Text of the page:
Back in October, we reported that Sony Pictures is developing a Ghostbusters Animated Movie, to compliment this summer's Ghostbusters reboot and the long-rumored Ghostbusters 4, which is developing for Channing Tatum. Today, The Hollywood Reporter reports that the studio has found a director for the animated movie, with Fletcher Moules coming aboard. This would mark his feature film debut, but you may have seen his work before.
Fletcher Moules is best known for the animated Clash of Clans, which promote the hit mobile game. Before he turned to animation, he worked in the props department on The Matrix and Red Planet, and served in the creature department on Star Wars: Episode II - Attack of the Clones. He also worked as the art director on the 2011 animated movie Lego Star Wars: The Padawan Menace.
As for the Ghostbusters Animated Movie, no story details have been given. Our report from October claims it will closely follow the story of the 1984 original Ghostbusters. The sci-fi/horror comedy adventure will reportedly centers a team of scientists together in Manhattan who develop new technology used for capturing and containing ghosts. They must save the city when a supernatural entity threatens to wipe out mankind.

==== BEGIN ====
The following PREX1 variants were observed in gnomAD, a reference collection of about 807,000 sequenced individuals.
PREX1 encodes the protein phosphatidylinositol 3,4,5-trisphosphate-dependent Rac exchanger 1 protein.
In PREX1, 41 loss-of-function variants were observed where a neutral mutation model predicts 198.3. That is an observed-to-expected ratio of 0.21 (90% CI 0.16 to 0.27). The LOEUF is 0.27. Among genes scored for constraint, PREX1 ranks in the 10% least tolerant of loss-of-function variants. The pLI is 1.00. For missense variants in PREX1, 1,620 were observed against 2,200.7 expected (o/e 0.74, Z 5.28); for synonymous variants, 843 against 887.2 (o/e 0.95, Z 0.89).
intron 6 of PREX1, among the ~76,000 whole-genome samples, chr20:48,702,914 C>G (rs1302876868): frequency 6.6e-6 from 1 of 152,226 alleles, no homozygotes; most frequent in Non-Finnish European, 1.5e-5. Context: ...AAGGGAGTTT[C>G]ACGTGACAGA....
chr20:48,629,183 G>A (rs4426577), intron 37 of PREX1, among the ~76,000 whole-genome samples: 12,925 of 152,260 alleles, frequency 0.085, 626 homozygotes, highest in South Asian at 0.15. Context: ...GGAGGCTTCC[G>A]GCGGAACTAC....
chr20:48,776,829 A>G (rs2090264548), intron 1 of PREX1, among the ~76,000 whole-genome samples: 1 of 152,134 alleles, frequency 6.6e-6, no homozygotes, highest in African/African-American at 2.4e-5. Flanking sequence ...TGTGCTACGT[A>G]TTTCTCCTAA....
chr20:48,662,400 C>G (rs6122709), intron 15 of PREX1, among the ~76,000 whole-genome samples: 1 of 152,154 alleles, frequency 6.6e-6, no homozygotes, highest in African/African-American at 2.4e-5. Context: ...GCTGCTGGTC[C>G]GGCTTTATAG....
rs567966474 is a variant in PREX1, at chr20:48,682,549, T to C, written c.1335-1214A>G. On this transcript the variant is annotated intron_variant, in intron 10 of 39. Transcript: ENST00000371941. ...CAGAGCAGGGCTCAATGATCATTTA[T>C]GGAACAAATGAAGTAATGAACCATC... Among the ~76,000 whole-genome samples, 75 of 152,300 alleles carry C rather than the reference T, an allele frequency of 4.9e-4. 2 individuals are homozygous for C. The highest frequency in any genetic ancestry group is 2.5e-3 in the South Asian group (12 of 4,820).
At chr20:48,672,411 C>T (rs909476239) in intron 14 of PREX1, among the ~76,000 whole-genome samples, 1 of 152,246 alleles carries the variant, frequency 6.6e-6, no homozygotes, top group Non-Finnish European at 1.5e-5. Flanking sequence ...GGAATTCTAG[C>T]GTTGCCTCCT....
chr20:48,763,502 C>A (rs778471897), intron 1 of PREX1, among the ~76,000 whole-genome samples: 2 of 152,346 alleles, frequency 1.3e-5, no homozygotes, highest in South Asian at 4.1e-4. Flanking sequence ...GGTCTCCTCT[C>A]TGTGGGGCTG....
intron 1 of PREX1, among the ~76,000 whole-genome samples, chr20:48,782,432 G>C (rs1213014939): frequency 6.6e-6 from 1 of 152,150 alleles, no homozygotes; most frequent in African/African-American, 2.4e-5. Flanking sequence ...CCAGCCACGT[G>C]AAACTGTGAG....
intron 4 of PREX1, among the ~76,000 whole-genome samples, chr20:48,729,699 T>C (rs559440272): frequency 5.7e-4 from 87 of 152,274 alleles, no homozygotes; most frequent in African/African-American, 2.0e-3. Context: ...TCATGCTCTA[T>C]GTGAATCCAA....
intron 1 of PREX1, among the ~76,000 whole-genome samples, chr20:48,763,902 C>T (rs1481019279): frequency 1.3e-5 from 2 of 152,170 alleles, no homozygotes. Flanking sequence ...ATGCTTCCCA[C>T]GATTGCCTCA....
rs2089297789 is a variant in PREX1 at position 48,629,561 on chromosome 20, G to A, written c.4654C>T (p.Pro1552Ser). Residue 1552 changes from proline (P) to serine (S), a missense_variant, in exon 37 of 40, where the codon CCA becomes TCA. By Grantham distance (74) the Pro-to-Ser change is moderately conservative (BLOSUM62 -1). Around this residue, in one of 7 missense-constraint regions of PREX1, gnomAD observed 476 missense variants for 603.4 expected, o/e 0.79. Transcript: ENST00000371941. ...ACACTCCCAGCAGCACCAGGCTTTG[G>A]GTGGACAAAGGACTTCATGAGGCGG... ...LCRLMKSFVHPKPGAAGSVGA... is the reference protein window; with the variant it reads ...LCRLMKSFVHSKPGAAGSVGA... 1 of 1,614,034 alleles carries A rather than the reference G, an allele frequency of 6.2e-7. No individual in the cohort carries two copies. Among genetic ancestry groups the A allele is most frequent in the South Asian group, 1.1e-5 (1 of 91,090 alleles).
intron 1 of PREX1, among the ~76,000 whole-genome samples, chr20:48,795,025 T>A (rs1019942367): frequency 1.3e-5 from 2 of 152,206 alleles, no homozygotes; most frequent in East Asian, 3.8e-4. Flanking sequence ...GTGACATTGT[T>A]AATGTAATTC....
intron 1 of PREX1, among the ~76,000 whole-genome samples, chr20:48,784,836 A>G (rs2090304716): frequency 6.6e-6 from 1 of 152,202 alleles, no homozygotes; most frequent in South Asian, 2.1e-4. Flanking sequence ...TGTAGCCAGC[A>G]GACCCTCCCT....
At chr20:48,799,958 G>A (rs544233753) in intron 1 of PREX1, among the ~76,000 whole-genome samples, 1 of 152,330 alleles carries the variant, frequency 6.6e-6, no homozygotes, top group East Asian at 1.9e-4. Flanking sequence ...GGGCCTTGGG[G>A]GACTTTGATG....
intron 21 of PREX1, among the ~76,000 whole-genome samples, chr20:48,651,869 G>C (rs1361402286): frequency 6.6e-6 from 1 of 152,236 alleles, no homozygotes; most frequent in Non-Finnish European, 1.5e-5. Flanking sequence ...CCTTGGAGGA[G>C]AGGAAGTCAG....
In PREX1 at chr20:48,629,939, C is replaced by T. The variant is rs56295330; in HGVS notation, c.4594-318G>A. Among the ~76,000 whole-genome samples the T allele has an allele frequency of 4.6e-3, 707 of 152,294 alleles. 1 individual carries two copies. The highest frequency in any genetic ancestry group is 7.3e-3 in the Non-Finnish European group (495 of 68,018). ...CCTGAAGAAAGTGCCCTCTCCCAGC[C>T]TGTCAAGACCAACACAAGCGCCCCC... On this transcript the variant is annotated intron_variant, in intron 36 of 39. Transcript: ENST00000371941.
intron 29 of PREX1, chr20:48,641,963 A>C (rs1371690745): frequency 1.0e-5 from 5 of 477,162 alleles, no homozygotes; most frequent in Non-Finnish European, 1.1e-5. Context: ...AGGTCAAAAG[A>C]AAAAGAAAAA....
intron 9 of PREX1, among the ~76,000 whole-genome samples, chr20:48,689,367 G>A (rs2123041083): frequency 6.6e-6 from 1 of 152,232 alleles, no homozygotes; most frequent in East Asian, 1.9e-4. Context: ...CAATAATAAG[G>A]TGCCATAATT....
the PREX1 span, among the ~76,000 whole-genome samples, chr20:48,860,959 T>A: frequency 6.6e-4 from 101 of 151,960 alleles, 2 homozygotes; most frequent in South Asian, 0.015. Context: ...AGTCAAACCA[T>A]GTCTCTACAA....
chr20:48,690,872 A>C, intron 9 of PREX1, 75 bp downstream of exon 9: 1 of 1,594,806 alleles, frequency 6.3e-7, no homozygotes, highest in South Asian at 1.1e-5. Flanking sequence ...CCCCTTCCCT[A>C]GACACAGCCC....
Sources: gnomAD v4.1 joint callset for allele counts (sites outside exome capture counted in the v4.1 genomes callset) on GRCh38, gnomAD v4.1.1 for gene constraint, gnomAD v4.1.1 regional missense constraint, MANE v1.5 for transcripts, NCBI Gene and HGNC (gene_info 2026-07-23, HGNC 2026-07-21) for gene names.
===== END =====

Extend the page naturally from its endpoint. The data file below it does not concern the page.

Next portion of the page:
The project doesn't have a screenwriter attached as of yet, so it isn't known if those story details are confirmed or not. Ivan Reitman, who directed the original Ghostbusters, is on board to produce the animated movie. The Ghostbusters franchise has previously taken animated form with the 1986 TV series The Real Ghost Busters. The show ran for seven seasons between 1986 and 1991, which continued the adventures of Peter Venkman, Egon Spengler, Ray Stantz, Winston Zeddmore and the beloved ghost Slimer.
Ivan Reitman and Dan Aykroyd also head up what Sony is calling the "Ghost Corps," a collective which is generating ideas to create a comprehensive Ghostbusters cinematic universe. While the Ghostbusters 4 project with Channing Tatum is still in early stages of development, Joe Russo and Anthony Russo are set to produce. What do you think about these new developments?